Study Guide

Looking for Alaska Home

By John Green

Home

Chapter 1
Minor Characters

"Is this why you want to leave, Miles?" Mom asked. I mulled it over for a while, careful not to look at her.

"Uh, no," I said.

"Well, why then?" she asked. This was not the first time she had posed the question. Mom was not particularly keen on letting me go to boarding school and had made no secret of it. (136before.13-15)

Not many parents would understand why Miles wants to leave home, but he has a pretty good explanation when he drags out Rabelais's quote about the Great Perhaps. He's looking for something more. And we have to ask if it's always necessary to leave home—a place of comfort and security for many people—to find it and to mature.

Chapter 12
Alaska Young

"But this is the seventh time I've been caught smoking. I just don't want—whatever. I don't want to upset my dad." (98before.3)

Alaska gives a little insight into her relationship with her dad (at this point, we don't know her mom died). Part of the mystery of Alaska in the first part of the novel is puzzling out why she avoids home and her dad as much as possible.

Chapter 17
Miles Halter

"I just don't get why she'd be so afraid of getting expelled. I'd hate to get expelled, but you have to take your lumps. I don't get it."

"Well, she obviously doesn't like home."

"True. She only goes home over Christmas and the summer, when Jake is there. But whatever. I don't like home, either." (67before.19-21)

Miles learns that Takumi also doesn't really like home either, but the way Alaska fears and avoids home almost paralyzes her. We wonder what could be so bad about home that she avoids it so much, only going when she has a boyfriend there as a buffer.

Chapter 18
Miles Halter

"So why don't you go home for vacations?" I asked her.

"I'm just scared of ghosts, Pudge. And home is full of them." (58before.48-49)

Giant clue about Alaska here—ghosts imply a lack of security, a lack of safety that we generally want to associate with home. What emotions, given what we know about her at this point in the book, does Alaska associate with home?

I thought of the one thing about home that I missed, my dad's study with its built-in, floor-to-ceiling shelves sagging with thick biographies, and the black leather chair that kept me just uncomfortable enough to keep from feeling sleepy as I read. It was stupid, to feel as upset as I did. I ditched them, but it felt the other way around. Still, I felt unmistakably homesick. (58before.41)

The funny thing about place is the memories and emotions that we associate with it. Miles is the one who chose to spend a traditionally home-centric holiday away from home, so why is it that he is the one who feels ditched?

How could I abandon my parents, who were nice enough to pay for my education at Culver Creek, my parents who had always loved me, just because I maybe liked some girl with a boyfriend? How could I leave them alone with a giant turkey and mounds of inedible cranberry sauce? So during third period, I called my mom at work. (58before.39)

Miles feels so guilty for so many things in this book, not the least of which is how he treats the people and the place that has been his home since he was born. So here's the struggle: does he have to pick one or the other? Florida or the Creek?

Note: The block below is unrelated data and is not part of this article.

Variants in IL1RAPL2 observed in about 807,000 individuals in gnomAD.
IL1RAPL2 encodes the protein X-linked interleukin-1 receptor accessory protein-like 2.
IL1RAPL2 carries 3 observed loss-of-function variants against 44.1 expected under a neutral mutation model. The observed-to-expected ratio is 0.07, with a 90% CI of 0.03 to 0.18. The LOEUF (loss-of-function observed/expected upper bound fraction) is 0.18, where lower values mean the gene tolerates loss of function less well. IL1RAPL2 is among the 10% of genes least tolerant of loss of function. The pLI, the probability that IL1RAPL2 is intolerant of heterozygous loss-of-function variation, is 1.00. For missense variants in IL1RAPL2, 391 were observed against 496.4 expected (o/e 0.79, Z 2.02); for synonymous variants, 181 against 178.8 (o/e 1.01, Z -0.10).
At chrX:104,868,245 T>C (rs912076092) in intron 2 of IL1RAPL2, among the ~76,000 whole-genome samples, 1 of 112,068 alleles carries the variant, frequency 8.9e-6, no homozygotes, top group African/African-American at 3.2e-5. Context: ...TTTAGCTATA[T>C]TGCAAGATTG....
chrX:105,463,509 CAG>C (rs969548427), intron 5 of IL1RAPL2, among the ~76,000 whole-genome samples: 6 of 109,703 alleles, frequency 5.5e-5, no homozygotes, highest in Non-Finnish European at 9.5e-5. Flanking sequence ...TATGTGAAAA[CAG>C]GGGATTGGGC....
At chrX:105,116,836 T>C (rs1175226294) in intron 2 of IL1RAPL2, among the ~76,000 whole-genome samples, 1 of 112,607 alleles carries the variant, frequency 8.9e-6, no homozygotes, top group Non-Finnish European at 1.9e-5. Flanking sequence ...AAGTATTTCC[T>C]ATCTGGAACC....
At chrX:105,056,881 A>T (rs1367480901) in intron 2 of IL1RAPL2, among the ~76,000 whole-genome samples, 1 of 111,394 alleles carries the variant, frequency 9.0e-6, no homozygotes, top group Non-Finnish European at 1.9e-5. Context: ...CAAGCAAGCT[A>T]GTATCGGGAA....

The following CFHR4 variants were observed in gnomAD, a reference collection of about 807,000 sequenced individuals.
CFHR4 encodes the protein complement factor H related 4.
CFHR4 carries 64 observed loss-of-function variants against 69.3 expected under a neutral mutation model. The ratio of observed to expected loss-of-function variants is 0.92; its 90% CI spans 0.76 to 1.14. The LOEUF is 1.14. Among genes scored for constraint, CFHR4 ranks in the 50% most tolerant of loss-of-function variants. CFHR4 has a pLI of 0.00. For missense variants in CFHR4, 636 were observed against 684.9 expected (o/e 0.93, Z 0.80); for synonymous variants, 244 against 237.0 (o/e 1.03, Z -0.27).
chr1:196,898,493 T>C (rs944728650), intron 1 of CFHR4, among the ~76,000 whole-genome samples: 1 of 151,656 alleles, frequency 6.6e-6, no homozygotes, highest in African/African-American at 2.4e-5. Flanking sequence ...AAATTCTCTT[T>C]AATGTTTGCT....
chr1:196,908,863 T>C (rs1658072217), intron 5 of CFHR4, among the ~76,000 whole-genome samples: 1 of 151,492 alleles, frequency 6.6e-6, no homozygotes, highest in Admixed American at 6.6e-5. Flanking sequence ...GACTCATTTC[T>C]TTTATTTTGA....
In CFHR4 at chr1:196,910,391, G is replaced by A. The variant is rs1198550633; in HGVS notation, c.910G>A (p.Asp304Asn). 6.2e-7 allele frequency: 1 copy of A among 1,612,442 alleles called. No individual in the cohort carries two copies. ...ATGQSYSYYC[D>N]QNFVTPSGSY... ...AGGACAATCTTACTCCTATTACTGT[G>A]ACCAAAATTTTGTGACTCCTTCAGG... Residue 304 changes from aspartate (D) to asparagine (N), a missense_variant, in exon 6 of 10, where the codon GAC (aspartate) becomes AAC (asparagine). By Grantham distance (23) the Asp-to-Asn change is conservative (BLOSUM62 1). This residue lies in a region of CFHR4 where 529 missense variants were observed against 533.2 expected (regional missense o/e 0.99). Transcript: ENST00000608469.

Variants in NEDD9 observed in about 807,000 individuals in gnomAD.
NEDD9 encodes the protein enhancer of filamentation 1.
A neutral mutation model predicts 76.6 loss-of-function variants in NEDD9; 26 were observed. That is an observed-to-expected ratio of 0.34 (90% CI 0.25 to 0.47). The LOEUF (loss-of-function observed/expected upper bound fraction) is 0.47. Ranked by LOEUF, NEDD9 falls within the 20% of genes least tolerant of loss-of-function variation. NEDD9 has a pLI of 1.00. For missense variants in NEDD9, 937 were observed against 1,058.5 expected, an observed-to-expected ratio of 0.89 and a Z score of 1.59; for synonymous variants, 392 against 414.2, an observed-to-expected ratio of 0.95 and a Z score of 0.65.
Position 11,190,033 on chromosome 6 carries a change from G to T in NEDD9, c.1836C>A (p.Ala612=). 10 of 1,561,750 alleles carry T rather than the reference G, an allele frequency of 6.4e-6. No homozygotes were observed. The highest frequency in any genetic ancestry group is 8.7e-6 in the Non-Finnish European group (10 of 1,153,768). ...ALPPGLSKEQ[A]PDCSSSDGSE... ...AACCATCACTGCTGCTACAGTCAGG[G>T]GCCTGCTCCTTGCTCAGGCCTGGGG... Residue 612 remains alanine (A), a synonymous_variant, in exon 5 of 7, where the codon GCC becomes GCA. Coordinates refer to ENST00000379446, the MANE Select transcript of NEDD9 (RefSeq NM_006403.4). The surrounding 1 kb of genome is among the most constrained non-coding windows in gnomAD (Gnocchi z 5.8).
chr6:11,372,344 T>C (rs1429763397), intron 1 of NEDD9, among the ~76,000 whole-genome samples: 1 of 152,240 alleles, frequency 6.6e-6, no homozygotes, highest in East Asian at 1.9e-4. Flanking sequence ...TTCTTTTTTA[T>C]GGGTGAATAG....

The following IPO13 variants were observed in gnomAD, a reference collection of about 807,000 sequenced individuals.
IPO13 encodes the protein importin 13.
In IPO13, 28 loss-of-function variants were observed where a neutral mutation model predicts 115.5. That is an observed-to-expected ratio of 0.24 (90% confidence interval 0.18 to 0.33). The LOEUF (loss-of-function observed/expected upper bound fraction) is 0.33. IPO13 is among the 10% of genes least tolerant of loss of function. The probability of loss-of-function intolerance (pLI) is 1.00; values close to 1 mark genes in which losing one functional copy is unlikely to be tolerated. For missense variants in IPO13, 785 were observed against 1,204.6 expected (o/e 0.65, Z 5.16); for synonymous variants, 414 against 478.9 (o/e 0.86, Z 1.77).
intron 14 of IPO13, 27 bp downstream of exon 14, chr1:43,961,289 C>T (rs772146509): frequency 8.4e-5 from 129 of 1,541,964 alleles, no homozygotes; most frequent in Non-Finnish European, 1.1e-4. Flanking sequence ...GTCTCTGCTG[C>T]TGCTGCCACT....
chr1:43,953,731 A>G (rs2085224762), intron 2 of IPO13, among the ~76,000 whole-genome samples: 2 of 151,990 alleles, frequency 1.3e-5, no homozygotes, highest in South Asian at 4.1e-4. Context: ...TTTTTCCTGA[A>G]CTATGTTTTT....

Chapter 23
Miles Halter

We laughed and drank our wine, and then after the meal, we each listed our gratitudes. My family always did that before the meal, and we all just rushed through it to get to the food. So the four of us sat around the table and shared our blessings. I was thankful for the fine food and the fine company, for having a home on Thanksgiving. "A trailer, at least," Dolores joked. (46before.2)

Thanksgiving with the Colonel reminds Miles of Thanksgiving with his parents. What exactly is it about the experience that makes it feel like home for Miles? (Hint: Think about rituals and traditions.)

I sat in the back of the hatchback on the drive home—and that is how I thought of it: home—and fell asleep to the highway's monotonous lullaby. (46before.7)

Miles moves from one home to another. What makes Culver Creek a home to him? What about the place, the people, the traditions, and the emotions create a sense of home to Miles?

Chapter 24
Alaska Young

"Maybe you just need to tell us all why you told on Marya. Were you scared of going home or something?"

She pulled away from me and gave me a Look of Doom that would have made the Eagle proud, and I felt like she hated me or hated my question or both, and then she looked away, out the window, toward the soccer field, and said, "There's no home." (44before.23-24)

Contrast Alaska's feeling of home with what Miles felt on Thanksgiving. Remember: home isn't just a place, it's a lot of other stuff too. So when Alaska says there's no home, she's not just talking about the place—she's talking about people, emotions, and traditions too. What happens to people who are homeless?

Chapter 39
Miles Halter

Screw this, I thought, and for the first time, I imagined just going back home, ditching the Great Perhaps for the old comforts of school friends. (13after.36)

Ultimately Miles chooses to stay at the Creek, but he thinks about the comforts of home and how they are both welcome but also limiting. So now we have to think about what home means to Miles by the end of the novel.

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